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​​​​R.G. YOHO

Author, Writer, Speaker


For most of my life, the buffalo was an enduring and majestic symbol of the great American West. 

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With that in mind, I think it’s time that we ask ourselves some serious questions.  It is my hope that these questions and the answers to them will help the namby-pamby types, who sadly dwell among us, to finally realize how truly boneheaded their ideas really are, if commonly used in American vernacular.

In his time as an Old West lawman in places like Dodge City and Tombstone, Wyatt Earp was often known to slip up behind drunken or unruly cowboys and knock the men unconscious with his revolver. This practice was known as “buffaloing.”

Now, whenever we see Wyatt Earp portrayed in cinema or written about

in literature, will we have to say that Earp was “bisoning” the cowboys?

This realization has forever destroyed some of the pure enjoyment

and sheer entertainment value I normally receive from watching the film,

Tombstone


                                                              This level of lunacy over a name is just the sort of thing                                                                                 that might cause Doc Holliday to question your friendship.


                                                              Of course you have all heard about the black cavalry soldiers in the                                                               Old West, men who were commonly referred to as “Buffalo                                                                           Soldiers.”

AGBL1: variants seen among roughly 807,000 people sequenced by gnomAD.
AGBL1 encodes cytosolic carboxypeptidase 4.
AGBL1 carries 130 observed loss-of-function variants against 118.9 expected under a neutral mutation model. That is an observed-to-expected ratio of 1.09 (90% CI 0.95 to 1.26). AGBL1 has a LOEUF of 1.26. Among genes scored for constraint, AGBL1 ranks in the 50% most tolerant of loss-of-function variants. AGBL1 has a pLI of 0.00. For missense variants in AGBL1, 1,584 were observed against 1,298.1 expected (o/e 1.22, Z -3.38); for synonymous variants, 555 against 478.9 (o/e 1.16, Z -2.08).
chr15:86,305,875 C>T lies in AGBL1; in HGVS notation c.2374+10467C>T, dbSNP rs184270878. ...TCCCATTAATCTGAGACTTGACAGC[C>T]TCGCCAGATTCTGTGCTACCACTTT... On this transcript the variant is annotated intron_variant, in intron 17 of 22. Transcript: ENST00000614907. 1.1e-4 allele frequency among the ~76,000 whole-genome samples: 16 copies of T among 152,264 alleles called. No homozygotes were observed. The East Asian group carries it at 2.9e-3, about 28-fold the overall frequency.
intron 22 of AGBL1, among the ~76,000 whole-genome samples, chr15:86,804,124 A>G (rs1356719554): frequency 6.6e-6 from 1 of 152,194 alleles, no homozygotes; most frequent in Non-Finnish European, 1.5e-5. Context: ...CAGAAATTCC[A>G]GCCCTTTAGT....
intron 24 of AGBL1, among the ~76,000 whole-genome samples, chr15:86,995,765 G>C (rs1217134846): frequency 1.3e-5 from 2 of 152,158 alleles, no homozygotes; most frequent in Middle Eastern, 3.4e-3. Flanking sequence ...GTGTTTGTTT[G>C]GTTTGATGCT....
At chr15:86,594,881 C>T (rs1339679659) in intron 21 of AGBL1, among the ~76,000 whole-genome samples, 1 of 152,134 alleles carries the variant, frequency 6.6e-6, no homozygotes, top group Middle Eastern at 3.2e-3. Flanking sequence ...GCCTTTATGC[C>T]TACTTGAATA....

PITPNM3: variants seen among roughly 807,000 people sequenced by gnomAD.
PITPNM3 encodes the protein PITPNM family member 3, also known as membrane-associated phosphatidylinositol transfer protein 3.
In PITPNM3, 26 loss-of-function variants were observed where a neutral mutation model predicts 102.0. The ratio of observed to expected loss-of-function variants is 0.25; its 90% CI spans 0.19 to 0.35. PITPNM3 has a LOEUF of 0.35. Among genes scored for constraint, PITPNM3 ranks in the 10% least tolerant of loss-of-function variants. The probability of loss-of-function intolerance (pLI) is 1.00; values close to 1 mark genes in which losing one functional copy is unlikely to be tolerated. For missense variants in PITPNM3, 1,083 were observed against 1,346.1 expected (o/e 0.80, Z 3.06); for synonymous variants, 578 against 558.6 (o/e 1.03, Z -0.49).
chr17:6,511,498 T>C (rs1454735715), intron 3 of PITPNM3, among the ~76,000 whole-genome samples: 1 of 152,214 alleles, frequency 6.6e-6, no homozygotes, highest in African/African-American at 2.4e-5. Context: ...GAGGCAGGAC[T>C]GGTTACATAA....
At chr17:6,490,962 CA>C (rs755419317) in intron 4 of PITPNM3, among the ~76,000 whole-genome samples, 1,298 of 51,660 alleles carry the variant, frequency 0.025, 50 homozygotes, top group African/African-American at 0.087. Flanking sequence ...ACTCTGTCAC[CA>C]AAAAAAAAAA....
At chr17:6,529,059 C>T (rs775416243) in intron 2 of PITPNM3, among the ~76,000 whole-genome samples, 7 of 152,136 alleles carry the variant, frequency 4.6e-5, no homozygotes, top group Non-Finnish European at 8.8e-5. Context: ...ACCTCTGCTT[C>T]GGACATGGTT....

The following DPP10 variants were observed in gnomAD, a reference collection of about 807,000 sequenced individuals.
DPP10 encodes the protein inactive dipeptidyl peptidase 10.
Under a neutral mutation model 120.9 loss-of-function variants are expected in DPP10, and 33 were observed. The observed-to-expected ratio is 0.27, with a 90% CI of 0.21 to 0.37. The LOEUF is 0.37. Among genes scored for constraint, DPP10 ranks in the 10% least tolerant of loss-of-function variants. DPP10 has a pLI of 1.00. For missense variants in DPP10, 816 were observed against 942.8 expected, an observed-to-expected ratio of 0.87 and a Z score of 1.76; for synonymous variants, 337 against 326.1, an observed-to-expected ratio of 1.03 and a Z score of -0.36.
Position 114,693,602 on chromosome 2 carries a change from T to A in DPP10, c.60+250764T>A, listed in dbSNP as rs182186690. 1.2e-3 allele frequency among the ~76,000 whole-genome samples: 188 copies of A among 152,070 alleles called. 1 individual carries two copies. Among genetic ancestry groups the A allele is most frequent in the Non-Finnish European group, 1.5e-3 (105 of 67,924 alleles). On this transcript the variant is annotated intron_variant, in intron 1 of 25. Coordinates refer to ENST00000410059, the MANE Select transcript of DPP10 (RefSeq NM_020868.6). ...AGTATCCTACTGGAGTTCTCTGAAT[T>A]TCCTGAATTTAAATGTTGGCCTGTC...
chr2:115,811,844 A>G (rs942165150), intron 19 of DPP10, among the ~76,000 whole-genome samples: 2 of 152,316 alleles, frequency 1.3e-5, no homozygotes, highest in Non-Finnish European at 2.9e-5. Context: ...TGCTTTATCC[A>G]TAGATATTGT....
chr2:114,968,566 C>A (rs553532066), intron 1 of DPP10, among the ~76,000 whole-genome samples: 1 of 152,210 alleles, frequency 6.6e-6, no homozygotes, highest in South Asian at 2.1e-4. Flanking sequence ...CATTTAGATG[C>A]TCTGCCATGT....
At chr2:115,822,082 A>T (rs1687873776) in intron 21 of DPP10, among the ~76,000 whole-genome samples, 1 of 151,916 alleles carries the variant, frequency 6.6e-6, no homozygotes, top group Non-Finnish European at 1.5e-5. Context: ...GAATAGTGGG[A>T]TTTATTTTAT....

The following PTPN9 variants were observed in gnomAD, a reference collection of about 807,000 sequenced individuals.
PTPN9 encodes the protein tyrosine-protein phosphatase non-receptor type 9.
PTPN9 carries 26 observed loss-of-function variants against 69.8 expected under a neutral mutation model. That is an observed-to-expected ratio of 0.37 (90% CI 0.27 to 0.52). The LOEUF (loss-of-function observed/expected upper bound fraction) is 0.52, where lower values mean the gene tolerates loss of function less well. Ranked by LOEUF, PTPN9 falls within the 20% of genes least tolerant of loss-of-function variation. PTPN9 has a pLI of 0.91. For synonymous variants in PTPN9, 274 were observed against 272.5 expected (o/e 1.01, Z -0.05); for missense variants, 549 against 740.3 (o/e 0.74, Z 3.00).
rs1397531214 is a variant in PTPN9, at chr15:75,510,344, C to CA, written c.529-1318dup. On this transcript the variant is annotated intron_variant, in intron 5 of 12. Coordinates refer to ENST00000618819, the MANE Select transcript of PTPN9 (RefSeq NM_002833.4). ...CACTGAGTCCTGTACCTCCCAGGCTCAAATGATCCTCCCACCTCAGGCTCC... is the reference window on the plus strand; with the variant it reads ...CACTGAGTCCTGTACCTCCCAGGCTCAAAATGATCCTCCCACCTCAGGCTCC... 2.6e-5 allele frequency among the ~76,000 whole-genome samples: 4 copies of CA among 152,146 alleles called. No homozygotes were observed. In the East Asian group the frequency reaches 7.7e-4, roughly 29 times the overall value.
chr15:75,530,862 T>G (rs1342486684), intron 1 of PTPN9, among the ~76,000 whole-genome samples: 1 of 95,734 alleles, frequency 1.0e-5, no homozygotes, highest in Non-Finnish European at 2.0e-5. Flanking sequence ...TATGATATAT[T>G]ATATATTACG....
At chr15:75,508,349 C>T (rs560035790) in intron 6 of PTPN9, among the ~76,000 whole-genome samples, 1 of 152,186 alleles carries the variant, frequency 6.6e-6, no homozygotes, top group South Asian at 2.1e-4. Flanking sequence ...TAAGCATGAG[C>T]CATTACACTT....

Will we now have to call them “Bison Soldiers?”

Funny, isn’t it? Bison Soldiers, it just doesn’t have the same ring to it.

And then, last but not least, we have the man known as Buffalo Bill,

William F. Cody, famed buffalo hunter, Indian fighter, Army scout,

and world-wide showman.

If we are to follow the all-knowing wisdom of the namby-pambies,

then we should be referring to the man as “Bison Bill” Cody.

However, I’m thinking if you actually used that term directly to

Cody’s face, he might have pulled out a gun and shot you, an act

which should largely be regarded as justifiable homicide.

These three examples have illustrated how incredibly stupid it is to
alter a term which has commonly been used in this country for a couple of centuries.

I’ve had enough of being buffaloed!

Let’s not permit the namby-pamby crowd in this country to continue

to dictate language to us, to define normal, and to destroy the myth,

the adventure, and the finest traditions of the great American West.

We live in the United States of America. We’ve always called it a

buffalo. Buffalo hunters called it a buffalo. Everyone in the Old West

called it a buffalo. My dad called it a buffalo.

It’s a buffalo.

Perhaps the best reason of all is: The buffalo don’t care!

Then why should we?

My First Whitetail Buck

Buffalo vs. Bison


Unfortunately, some American geniuses came along, folks who are more commonly known as namby-pambies, folks who wish to spoil everyone’s love and appreciation for the traditions of the Old West.

Perhaps the only time that this buffalo vs. bison debate really matters is when it comes to ordering food from a menu.


If you are hoping to get a burger made from buffalo meat, and you do not like like buffalo wings, I suggest you do not order a buffalo burger.

Please don’t ask me how I learned this.

I will, however, say this is a critically important time to

differentiate between the two terms, bison and buffalo.

Okay, I get it. What we have always referred to as the

American buffalo is really a bison.

Great!